This Day in Presbyterian History:
A landmark case in favor of religious freedom
[To our valued readers from the author of Thisday.pcahistory: As I read the January 21 historical devotional tonight with my wife, I realized that I had mistakenly placed down 1706 as the year that Francis McKemie and John Hampton had been arrested by the New York Anglican governor. The correct date is 1707—January 21, 1707. Please correct that error if you are keeping a print copy of the devotional for your own use. And forgive me, please.—David Myers]
One year after the organization of the Presbytery of Philadelphia, two of the seven ministers of that Presbytery, Francis McKemie and John Hampton took a trip to New England. On their way, they stopped in New York to minister to the Reformed saints there. Requesting permission from the Deputy Governor Lord Cornbury (aka Edward Hyde) to proclaim the Word, they were shocked by his refusal to give them permission. That didn’t stop them however. A private house was secured for them, and McKemie preached “in as public a manner as possible, with open doors.” His traveling companion, Rev. John Hampton, preached in a church on Long Island. Both were arrested by Lord Cornbury on January 21, 1707, and thrown into jail. The charge was that they preached without a license. Hampton was released, but McKemie was imprisoned for six weeks. He was released by the payment of bail. Six months later, he returned for the trial. The exchanges between him and his accusers are historically important.
Lord Cornbury charged McKemie that he was “a strolling preacher.” Further, he declared that he was “not to spread his pernicious doctrines in New York.”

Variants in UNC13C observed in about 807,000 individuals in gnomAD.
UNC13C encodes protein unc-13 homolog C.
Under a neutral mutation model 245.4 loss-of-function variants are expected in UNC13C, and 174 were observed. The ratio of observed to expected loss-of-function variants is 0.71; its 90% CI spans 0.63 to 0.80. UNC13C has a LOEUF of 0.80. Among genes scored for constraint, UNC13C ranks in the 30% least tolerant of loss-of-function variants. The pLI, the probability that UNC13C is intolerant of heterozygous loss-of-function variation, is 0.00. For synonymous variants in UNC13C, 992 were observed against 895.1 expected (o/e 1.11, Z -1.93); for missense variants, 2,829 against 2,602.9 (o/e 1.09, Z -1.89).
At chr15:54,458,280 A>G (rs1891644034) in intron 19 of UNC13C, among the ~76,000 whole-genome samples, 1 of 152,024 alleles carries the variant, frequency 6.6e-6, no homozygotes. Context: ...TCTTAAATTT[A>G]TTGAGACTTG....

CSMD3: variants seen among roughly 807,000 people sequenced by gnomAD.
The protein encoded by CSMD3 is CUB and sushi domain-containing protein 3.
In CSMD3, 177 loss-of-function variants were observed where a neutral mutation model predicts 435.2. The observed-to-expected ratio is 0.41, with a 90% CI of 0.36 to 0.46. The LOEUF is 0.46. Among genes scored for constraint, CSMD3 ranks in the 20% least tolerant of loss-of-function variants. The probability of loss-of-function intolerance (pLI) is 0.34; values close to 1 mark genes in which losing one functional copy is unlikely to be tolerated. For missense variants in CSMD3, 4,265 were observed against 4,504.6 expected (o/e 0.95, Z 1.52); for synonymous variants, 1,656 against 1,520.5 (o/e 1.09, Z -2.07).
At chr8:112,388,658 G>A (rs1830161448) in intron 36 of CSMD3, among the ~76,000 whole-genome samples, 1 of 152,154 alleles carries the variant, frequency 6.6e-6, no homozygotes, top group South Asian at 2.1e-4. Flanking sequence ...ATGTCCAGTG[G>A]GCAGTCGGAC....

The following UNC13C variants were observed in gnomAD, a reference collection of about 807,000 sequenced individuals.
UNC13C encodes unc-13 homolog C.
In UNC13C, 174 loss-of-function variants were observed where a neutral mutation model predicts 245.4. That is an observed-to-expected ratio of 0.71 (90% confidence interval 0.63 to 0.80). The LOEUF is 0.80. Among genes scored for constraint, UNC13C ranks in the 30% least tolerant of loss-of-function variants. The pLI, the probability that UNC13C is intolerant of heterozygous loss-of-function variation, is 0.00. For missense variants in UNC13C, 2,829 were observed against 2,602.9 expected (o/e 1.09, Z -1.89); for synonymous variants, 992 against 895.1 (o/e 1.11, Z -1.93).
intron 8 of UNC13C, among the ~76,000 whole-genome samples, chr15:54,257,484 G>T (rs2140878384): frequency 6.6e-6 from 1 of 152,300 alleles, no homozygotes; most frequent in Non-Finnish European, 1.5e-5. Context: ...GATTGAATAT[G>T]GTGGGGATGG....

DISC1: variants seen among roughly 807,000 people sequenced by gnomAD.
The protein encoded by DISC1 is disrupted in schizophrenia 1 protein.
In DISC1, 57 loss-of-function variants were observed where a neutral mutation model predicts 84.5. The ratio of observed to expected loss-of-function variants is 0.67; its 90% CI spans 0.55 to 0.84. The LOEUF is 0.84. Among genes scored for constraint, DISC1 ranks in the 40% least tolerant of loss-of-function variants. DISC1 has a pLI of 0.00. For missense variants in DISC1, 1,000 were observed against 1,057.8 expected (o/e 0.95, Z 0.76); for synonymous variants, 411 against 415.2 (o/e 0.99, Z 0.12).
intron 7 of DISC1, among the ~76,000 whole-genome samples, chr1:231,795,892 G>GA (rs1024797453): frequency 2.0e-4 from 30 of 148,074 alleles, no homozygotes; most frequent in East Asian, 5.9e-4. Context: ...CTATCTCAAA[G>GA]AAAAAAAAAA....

Francis McKemie answered back, “As to our doctrines, we have our (Westminster) Confession of Faith, which is known to the Christian world. I challenge all the clergy of (New) York to show us any false or pernicious doctrines therein. We can prove that its doctrinal articles agree with those of the Church of England.” The reader needs to remember that the authors of Westminster were mostly Church of England ministers!
“But you haven’t signed these articles” of the Anglican faith, Lord Cornbury countered.
McKemie answered, “I have a copy in my pocket, and am ready at all times to sign, with those exceptions in the law.”
The defense of McKemie was based on the English Toleration Law Act of 1689. Even Lord Cornbury’s attorney’s acknowledged that McKemie had such a command of English laws that they couldn’t prove him guilty. For that reason, he was acquitted, but Lord Cornbury forced him to pay the cost of the prosecution, which was several hundred dollars. This injustice was denounced by the New York legislature, who passed a law to prevent any such persecution again. Lord Cornbury was recalled the very next year back to England.
Words to Live By: Whether you preach the gospel in the pulpit as a minister, or hear the gospel proclaimed faithfully by a minister, gives thanks for the courage of Francis McKemie who stood his ground when an attempt was made to muzzle the Word of God and the testimony of Jesus Christ.
Through the Scriptures: Job 18 – 20
Through the Standards: God’s Eternal Decrees, in the Confession
WCF 3:1, 2
“God from all eternity, did, by the most wise and holy counsel of His own will, freely, and unchangeably ordain whatsoever comes to pass: yet so, as thereby neither is God the author of sin, nor is violence offered to the will of the creatures; nor is the liberty or contingency of second causes taken away, but rather established. Although God knows whatsoever may or can come to pass upon all supposed conditions, yet hath He not decreed any thing because He foresaw it as future, or as that which would come to pass upon such conditions.”